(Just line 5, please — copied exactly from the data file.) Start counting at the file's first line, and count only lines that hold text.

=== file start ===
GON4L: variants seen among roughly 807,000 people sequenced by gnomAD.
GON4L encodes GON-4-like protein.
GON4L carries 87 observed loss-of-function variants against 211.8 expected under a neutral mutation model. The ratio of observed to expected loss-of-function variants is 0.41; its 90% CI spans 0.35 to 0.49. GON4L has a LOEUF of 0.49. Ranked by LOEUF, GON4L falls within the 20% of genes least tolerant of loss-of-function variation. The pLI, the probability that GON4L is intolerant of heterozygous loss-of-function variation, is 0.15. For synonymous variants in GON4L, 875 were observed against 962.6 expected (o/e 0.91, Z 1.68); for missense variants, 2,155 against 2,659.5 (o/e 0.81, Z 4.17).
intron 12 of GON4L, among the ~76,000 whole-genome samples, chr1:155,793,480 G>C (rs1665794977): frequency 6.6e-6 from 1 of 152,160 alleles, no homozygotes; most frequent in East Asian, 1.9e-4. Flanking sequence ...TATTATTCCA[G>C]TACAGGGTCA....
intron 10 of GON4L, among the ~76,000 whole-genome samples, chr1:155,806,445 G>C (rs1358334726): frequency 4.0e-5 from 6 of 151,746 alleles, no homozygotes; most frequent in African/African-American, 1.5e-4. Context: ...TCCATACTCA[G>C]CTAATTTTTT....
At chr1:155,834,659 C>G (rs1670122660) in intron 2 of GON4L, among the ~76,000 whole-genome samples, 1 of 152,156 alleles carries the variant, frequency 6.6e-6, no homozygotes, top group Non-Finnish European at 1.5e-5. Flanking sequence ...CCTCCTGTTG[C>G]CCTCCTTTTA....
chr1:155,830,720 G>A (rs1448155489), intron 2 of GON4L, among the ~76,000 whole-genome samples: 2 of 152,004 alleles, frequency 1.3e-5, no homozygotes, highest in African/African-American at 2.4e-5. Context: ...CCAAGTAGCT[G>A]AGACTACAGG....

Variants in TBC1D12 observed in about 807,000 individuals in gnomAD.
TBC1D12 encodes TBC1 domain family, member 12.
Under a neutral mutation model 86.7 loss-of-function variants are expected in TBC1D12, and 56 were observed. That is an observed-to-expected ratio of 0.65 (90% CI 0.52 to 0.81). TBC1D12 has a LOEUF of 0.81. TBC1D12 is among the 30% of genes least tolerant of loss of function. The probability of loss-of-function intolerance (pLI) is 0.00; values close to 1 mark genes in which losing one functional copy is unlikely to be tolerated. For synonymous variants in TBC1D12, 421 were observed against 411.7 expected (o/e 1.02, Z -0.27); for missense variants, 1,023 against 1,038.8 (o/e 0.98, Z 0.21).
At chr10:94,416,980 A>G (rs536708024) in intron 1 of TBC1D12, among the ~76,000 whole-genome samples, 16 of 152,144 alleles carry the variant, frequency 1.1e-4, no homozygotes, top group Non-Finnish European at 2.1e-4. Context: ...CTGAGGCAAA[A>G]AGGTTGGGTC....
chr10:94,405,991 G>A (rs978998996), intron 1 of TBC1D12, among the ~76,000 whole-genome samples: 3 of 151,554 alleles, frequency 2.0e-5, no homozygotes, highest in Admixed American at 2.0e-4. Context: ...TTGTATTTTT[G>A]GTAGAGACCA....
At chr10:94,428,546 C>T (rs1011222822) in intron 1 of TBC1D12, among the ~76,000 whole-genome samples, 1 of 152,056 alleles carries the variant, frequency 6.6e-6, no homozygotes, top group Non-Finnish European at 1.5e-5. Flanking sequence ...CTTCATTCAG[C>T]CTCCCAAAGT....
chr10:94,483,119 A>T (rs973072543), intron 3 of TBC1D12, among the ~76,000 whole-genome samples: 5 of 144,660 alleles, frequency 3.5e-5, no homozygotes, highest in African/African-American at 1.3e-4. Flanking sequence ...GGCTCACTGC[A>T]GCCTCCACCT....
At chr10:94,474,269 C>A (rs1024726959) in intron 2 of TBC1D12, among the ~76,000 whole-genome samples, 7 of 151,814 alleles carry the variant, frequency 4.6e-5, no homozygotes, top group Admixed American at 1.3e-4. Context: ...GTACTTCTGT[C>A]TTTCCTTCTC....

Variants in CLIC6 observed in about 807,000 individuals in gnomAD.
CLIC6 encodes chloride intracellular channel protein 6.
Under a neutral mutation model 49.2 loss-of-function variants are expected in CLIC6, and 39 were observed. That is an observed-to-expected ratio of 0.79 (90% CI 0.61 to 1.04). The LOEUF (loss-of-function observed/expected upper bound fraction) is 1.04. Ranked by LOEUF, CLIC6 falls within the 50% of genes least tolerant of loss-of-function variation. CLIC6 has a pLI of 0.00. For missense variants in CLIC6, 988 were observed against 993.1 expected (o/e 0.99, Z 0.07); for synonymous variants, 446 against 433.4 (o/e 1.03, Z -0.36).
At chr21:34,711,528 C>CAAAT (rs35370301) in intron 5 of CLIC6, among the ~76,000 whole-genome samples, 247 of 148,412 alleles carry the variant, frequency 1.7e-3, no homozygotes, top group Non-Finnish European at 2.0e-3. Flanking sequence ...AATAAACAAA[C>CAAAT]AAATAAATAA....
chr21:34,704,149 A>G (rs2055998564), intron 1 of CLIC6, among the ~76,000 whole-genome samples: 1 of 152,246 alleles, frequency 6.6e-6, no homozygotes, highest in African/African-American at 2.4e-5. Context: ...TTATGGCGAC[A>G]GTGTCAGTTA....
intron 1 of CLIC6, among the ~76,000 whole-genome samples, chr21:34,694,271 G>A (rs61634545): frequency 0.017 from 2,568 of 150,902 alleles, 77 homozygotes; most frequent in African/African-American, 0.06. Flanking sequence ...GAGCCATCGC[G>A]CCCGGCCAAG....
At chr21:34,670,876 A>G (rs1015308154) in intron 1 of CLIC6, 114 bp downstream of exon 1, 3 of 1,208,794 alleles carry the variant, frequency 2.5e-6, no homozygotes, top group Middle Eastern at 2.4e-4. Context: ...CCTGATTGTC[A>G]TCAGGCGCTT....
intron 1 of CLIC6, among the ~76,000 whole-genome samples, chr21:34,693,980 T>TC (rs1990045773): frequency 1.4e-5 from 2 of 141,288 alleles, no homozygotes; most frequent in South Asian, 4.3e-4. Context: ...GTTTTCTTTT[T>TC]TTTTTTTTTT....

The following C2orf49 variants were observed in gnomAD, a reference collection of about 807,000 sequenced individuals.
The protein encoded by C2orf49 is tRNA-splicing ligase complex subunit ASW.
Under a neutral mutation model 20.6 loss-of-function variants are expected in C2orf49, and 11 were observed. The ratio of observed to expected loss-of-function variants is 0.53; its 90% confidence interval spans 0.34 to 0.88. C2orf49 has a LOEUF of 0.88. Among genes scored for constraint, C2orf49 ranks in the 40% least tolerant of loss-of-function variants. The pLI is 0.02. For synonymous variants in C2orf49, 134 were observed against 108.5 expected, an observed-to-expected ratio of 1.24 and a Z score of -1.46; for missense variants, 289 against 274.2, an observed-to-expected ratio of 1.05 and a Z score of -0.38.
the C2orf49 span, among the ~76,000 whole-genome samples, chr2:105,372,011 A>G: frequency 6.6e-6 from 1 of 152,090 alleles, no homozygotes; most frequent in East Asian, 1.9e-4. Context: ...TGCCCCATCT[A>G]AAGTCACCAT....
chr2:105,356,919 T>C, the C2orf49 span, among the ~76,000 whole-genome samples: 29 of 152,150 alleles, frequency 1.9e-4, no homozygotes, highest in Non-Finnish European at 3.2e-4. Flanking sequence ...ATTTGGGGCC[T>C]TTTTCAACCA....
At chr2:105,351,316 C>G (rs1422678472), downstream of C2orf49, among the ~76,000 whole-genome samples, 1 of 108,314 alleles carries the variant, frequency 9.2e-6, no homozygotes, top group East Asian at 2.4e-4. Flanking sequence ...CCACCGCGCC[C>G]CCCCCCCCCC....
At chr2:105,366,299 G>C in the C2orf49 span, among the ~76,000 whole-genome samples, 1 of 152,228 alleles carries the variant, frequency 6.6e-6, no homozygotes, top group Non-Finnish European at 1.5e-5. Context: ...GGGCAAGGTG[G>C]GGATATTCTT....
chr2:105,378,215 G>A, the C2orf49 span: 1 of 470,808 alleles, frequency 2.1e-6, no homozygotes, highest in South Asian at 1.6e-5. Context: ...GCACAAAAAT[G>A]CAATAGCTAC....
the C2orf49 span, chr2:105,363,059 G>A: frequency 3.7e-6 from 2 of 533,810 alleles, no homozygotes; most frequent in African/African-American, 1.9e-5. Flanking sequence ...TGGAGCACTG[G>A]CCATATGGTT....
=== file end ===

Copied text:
intron 10 of GON4L, among the ~76,000 whole-genome samples, chr1:155,806,445 G>C (rs1358334726): frequency 4.0e-5 from 6 of 151,746 alleles, no homozygotes; most frequent in African/African-American, 1.5e-4. Context: ...TCCATACTCA[G>C]CTAATTTTTT....